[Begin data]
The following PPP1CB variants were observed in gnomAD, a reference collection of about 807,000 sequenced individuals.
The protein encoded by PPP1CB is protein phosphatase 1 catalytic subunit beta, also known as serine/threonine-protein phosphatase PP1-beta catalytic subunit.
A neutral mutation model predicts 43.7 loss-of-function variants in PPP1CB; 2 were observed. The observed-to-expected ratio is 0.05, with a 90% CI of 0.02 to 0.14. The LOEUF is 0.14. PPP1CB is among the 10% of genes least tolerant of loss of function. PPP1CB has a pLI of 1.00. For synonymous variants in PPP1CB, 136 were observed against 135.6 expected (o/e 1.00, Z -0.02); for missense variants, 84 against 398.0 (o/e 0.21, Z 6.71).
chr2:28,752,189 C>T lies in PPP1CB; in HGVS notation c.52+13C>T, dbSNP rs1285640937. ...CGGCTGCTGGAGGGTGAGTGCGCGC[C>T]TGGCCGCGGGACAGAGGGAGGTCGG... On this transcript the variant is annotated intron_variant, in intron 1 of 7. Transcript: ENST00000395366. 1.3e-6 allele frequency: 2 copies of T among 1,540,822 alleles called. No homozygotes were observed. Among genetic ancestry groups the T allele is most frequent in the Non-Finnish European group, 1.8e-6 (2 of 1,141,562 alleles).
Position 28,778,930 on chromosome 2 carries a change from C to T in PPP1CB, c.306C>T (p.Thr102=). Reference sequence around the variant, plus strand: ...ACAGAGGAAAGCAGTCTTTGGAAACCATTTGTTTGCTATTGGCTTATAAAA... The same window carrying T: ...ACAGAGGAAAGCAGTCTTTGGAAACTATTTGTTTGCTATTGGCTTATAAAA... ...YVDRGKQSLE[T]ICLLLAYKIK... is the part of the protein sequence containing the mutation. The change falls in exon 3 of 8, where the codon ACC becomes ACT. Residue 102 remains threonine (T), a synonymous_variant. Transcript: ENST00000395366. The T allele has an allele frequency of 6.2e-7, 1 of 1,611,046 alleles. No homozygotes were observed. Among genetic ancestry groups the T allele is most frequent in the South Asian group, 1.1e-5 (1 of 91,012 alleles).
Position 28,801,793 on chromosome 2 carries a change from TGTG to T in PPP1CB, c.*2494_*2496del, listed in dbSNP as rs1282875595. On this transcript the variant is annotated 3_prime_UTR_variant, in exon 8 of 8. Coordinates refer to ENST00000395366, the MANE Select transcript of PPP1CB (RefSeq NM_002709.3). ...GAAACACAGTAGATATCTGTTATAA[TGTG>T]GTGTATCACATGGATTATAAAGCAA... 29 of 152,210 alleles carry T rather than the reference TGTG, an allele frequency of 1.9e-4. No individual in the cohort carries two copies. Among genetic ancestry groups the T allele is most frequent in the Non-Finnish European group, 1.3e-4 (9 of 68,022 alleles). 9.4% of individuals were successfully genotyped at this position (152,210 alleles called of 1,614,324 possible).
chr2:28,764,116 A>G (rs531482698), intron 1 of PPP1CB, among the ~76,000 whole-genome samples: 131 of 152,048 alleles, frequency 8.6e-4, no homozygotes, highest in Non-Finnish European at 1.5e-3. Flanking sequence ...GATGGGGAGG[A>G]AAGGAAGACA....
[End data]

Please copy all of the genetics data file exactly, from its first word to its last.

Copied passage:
The following PPP1CB variants were observed in gnomAD, a reference collection of about 807,000 sequenced individuals.
The protein encoded by PPP1CB is protein phosphatase 1 catalytic subunit beta, also known as serine/threonine-protein phosphatase PP1-beta catalytic subunit.
A neutral mutation model predicts 43.7 loss-of-function variants in PPP1CB; 2 were observed. The observed-to-expected ratio is 0.05, with a 90% CI of 0.02 to 0.14. The LOEUF is 0.14. PPP1CB is among the 10% of genes least tolerant of loss of function. PPP1CB has a pLI of 1.00. For synonymous variants in PPP1CB, 136 were observed against 135.6 expected (o/e 1.00, Z -0.02); for missense variants, 84 against 398.0 (o/e 0.21, Z 6.71).
chr2:28,752,189 C>T lies in PPP1CB; in HGVS notation c.52+13C>T, dbSNP rs1285640937. ...CGGCTGCTGGAGGGTGAGTGCGCGC[C>T]TGGCCGCGGGACAGAGGGAGGTCGG... On this transcript the variant is annotated intron_variant, in intron 1 of 7. Transcript: ENST00000395366. 1.3e-6 allele frequency: 2 copies of T among 1,540,822 alleles called. No homozygotes were observed. Among genetic ancestry groups the T allele is most frequent in the Non-Finnish European group, 1.8e-6 (2 of 1,141,562 alleles).
Position 28,778,930 on chromosome 2 carries a change from C to T in PPP1CB, c.306C>T (p.Thr102=). Reference sequence around the variant, plus strand: ...ACAGAGGAAAGCAGTCTTTGGAAACCATTTGTTTGCTATTGGCTTATAAAA... The same window carrying T: ...ACAGAGGAAAGCAGTCTTTGGAAACTATTTGTTTGCTATTGGCTTATAAAA... ...YVDRGKQSLE[T]ICLLLAYKIK... is the part of the protein sequence containing the mutation. The change falls in exon 3 of 8, where the codon ACC becomes ACT. Residue 102 remains threonine (T), a synonymous_variant. Transcript: ENST00000395366. The T allele has an allele frequency of 6.2e-7, 1 of 1,611,046 alleles. No homozygotes were observed. Among genetic ancestry groups the T allele is most frequent in the South Asian group, 1.1e-5 (1 of 91,012 alleles).
Position 28,801,793 on chromosome 2 carries a change from TGTG to T in PPP1CB, c.*2494_*2496del, listed in dbSNP as rs1282875595. On this transcript the variant is annotated 3_prime_UTR_variant, in exon 8 of 8. Coordinates refer to ENST00000395366, the MANE Select transcript of PPP1CB (RefSeq NM_002709.3). ...GAAACACAGTAGATATCTGTTATAA[TGTG>T]GTGTATCACATGGATTATAAAGCAA... 29 of 152,210 alleles carry T rather than the reference TGTG, an allele frequency of 1.9e-4. No individual in the cohort carries two copies. Among genetic ancestry groups the T allele is most frequent in the Non-Finnish European group, 1.3e-4 (9 of 68,022 alleles). 9.4% of individuals were successfully genotyped at this position (152,210 alleles called of 1,614,324 possible).
chr2:28,764,116 A>G (rs531482698), intron 1 of PPP1CB, among the ~76,000 whole-genome samples: 131 of 152,048 alleles, frequency 8.6e-4, no homozygotes, highest in Non-Finnish European at 1.5e-3. Flanking sequence ...GATGGGGAGG[A>G]AAGGAAGACA....